Multiple conformational changes in enzyme catalysis.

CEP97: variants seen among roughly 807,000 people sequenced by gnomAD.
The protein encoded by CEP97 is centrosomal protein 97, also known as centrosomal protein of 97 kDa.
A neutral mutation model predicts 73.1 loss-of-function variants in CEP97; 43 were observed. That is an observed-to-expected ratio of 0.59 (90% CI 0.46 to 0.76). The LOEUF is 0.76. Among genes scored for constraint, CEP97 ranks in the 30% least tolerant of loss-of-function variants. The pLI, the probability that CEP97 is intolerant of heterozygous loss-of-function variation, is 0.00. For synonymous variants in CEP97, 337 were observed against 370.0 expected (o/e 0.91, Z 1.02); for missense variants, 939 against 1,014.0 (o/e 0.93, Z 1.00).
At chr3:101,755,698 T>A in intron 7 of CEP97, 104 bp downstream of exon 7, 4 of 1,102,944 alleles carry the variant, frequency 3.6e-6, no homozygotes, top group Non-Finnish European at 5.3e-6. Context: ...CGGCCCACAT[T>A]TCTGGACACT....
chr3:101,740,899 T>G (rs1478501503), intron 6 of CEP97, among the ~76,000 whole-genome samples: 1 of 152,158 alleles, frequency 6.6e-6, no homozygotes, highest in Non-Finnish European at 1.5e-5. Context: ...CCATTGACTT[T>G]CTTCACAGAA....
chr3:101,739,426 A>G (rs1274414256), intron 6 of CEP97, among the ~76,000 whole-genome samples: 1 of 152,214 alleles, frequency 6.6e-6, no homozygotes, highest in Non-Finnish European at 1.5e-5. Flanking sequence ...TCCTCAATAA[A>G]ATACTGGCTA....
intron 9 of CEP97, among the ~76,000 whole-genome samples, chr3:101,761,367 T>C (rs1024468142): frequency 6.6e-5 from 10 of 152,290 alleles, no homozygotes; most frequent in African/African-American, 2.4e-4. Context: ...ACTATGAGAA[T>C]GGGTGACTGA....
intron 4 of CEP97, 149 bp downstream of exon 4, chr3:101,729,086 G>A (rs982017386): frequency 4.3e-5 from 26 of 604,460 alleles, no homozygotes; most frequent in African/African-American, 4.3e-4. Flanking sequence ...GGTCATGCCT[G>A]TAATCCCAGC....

Understanding the molecular mechanisms of enzyme catalysis and allosteric regulation has been a primary goal of biochemistry for many years. The dynamics of these processes, approached through a variety of kinetic methods, are discussed. The results obtained for many different enzymes suggest that multiple intermediates and conformations are general characteristics of the catalytic process and allosteric regulation. Ribonuclease, dihydrofolate reductase, chymotrypsin, aspartate aminotransferase, and aspartate transcarbamoylase are considered as specific examples. Typical and maximum rates of conformational changes and catalysis are also discussed, based on results obtained from model systems. The nature and rates of interconversion of the intermediates, along with structural information, can be used as the bases for understanding the incredible catalytic efficiency of enzymes. Potential roles of conformational changes in the catalytic process are discussed in terms of static and environmental effects, and in terms of dynamic coupling within the enzyme-substrate complex.
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